Fort Belvoir, Va. (Feb. 27, 2014) - Starting March 1, drivers coming onto Fort Belvoir may be asked to scan their ID card using a machine, instead of handing it to a gate guard, as Fort Belvoir phases in a new Automated Installation Entry system.
"It's another tool that the Army has come up with for us to try and be able to make the installation safer for the work environment … and the people that live here," said Jeff Nesmeyer, Fort Belvoir chief of physical security.
The AIE will strengthen the base security system with minimal changes to the policies in effect, added Capt. Amber Kangas-Flores, Fort Belvoir civilian supervisory police officer overseeing the AIE implementation.
"Instead of a manual check, it's an automated check. It takes some of the human error out," she said.
The AIE machines will scan cards and match them to the information and photo in the AIE database, drawn from the DEERS enrollment system.
Gate guards will still be present at the gates to verify that the driver matches the photo in the database, Kangas-Flores said.
"Once you scan your ID, there's a computer screen that's been put now in the booths, so they will be watching the screen. They're not necessarily touching your ID anymore, but your picture will now be on the screen, and they're verifying that that is the driver," she said.
The AIE system is an Army-wide initiative, Nesmeyer said. Fort Belvoir is just one of the first posts to implement it.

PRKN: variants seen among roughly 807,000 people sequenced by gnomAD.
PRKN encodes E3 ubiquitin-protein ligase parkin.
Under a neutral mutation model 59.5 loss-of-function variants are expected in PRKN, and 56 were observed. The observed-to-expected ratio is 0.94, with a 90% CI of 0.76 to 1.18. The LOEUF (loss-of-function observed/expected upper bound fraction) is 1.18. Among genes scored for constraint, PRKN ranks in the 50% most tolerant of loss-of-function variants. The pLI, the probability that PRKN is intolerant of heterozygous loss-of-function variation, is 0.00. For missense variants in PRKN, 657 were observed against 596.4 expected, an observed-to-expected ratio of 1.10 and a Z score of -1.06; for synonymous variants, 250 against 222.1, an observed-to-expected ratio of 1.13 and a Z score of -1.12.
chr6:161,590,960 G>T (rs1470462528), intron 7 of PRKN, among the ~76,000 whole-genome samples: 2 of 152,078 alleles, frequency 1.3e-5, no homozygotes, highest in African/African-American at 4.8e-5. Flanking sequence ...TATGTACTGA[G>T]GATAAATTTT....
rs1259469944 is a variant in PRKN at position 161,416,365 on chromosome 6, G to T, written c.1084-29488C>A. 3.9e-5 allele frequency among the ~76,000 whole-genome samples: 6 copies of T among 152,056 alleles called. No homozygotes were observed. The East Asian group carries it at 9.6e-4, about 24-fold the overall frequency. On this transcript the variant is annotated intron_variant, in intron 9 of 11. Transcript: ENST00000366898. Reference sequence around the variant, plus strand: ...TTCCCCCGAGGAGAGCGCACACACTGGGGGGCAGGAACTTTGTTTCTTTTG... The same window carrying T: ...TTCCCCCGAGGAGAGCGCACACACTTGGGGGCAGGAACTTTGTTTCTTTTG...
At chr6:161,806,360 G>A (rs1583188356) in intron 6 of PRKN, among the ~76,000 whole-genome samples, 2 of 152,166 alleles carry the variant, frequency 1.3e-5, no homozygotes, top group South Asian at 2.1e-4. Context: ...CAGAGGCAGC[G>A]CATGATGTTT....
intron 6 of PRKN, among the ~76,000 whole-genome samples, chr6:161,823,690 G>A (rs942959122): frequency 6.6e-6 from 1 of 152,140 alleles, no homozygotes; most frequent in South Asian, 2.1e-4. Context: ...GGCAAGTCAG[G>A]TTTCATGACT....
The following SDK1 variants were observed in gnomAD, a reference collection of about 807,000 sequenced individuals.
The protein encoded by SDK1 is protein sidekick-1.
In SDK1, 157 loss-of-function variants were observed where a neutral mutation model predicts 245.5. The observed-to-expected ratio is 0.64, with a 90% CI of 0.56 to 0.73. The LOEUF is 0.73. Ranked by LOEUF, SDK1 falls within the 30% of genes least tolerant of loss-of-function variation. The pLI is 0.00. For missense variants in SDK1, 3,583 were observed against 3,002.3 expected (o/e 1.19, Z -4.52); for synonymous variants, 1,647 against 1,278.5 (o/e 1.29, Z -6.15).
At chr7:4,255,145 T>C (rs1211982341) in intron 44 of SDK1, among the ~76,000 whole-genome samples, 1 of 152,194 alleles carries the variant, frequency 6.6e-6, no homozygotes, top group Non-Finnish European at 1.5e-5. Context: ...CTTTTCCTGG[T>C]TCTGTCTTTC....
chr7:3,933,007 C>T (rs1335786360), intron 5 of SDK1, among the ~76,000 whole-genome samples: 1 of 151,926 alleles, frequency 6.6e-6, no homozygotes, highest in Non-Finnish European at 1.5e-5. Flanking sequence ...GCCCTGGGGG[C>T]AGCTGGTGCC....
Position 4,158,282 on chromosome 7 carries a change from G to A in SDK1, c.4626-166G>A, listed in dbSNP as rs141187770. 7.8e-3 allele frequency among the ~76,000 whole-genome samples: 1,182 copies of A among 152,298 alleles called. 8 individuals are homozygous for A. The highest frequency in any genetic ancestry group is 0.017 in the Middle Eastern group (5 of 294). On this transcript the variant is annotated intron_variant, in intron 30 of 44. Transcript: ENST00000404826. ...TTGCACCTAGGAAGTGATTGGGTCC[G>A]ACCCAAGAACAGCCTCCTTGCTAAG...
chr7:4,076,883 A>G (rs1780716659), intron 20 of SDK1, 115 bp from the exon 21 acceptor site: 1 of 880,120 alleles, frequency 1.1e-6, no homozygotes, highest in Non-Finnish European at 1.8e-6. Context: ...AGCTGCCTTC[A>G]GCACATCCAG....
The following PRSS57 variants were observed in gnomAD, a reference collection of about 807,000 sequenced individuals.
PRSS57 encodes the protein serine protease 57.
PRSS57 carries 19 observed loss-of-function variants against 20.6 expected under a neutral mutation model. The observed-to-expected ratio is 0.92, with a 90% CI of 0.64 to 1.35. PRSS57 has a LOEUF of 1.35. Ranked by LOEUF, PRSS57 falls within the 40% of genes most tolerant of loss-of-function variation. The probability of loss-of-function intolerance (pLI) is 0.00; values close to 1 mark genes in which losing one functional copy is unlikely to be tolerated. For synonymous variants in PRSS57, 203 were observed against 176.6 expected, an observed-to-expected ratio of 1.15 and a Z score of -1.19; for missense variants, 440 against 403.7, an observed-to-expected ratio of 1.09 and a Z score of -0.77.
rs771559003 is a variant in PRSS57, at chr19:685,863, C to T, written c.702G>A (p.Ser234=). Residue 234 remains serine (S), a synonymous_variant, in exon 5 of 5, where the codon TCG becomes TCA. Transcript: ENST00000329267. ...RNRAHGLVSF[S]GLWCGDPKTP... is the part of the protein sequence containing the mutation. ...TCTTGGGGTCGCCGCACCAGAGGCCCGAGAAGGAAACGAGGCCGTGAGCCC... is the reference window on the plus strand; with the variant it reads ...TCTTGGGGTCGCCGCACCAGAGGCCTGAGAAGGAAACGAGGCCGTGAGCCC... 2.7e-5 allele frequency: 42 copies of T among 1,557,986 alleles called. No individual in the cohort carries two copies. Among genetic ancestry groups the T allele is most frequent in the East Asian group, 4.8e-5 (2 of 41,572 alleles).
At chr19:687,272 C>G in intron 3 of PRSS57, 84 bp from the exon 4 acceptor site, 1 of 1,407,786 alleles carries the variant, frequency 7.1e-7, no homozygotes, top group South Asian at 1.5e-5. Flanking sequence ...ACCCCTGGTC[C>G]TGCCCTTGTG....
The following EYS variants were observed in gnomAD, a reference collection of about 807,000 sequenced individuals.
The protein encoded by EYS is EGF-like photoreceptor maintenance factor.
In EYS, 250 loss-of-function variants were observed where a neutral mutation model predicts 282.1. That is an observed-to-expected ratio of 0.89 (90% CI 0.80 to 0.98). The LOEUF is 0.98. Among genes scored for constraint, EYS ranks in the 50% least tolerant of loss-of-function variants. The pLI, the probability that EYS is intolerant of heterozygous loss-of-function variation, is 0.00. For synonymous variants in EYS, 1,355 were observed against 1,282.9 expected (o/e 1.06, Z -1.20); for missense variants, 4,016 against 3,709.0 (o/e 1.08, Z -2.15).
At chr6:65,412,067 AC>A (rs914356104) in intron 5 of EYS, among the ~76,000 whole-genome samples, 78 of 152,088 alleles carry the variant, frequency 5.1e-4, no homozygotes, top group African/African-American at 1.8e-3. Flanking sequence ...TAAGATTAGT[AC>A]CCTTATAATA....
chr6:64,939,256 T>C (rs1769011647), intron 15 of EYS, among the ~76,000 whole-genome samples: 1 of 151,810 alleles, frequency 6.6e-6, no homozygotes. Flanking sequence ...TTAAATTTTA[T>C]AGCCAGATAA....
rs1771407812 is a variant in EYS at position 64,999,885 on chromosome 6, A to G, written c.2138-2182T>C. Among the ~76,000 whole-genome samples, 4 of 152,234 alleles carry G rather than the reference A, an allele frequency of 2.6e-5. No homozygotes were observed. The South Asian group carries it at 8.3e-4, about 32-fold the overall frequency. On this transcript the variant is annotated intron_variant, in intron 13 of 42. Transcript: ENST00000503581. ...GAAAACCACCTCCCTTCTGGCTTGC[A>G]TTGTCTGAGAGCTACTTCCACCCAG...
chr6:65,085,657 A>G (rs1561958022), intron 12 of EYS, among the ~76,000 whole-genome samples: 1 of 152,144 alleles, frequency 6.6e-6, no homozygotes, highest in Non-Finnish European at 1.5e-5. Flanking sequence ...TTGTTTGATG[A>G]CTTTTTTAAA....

"Fort Belvoir is one of the few first installations to be getting this system. Eventually, it will happen at every installation the Army has," he said.
The system will be implemented gradually, starting with a test run.
"There's going to be a phase-in period, so we need the public to know that they're going to start seeing it at different gates at different times as early as March 1," Kangas-Flores said.
All visitors to Fort Belvoir will still be required to go through Tulley Gate and register at the Visitor Center.
Those who need to update their registration or ID card will be notified by gate guards and given an informational pamphlet telling them what they need to do, Kangas-Flores said.
"It's not going to be immediate, so if they come back the next day and they still haven't (fixed the registration), this is just a test. They're going to have time," she said.
During the testing phase, everyone with a valid ID card will be allowed to enter any gate, even if their card encounters issues, she added.
"We're not going to be turning anybody around if they're not registered. This is just a test to get the population used to it and for us to test the system to make sure that it's working," she said.